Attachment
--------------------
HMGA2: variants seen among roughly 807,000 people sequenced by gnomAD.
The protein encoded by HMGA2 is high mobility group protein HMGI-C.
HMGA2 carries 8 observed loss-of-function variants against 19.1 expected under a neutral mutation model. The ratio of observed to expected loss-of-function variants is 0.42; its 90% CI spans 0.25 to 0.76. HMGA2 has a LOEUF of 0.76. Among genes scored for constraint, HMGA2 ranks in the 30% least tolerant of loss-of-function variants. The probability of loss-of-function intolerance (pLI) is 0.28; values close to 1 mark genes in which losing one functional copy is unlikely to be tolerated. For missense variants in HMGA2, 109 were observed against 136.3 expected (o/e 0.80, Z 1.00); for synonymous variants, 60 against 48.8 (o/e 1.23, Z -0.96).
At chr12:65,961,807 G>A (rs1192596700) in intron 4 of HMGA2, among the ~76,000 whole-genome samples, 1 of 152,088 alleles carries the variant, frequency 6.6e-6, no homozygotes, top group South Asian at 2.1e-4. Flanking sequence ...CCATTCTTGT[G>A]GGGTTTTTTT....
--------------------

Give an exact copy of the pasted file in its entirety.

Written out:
HMGA2: variants seen among roughly 807,000 people sequenced by gnomAD.
The protein encoded by HMGA2 is high mobility group protein HMGI-C.
HMGA2 carries 8 observed loss-of-function variants against 19.1 expected under a neutral mutation model. The ratio of observed to expected loss-of-function variants is 0.42; its 90% CI spans 0.25 to 0.76. HMGA2 has a LOEUF of 0.76. Among genes scored for constraint, HMGA2 ranks in the 30% least tolerant of loss-of-function variants. The probability of loss-of-function intolerance (pLI) is 0.28; values close to 1 mark genes in which losing one functional copy is unlikely to be tolerated. For missense variants in HMGA2, 109 were observed against 136.3 expected (o/e 0.80, Z 1.00); for synonymous variants, 60 against 48.8 (o/e 1.23, Z -0.96).
At chr12:65,961,807 G>A (rs1192596700) in intron 4 of HMGA2, among the ~76,000 whole-genome samples, 1 of 152,088 alleles carries the variant, frequency 6.6e-6, no homozygotes, top group South Asian at 2.1e-4. Flanking sequence ...CCATTCTTGT[G>A]GGGTTTTTTT....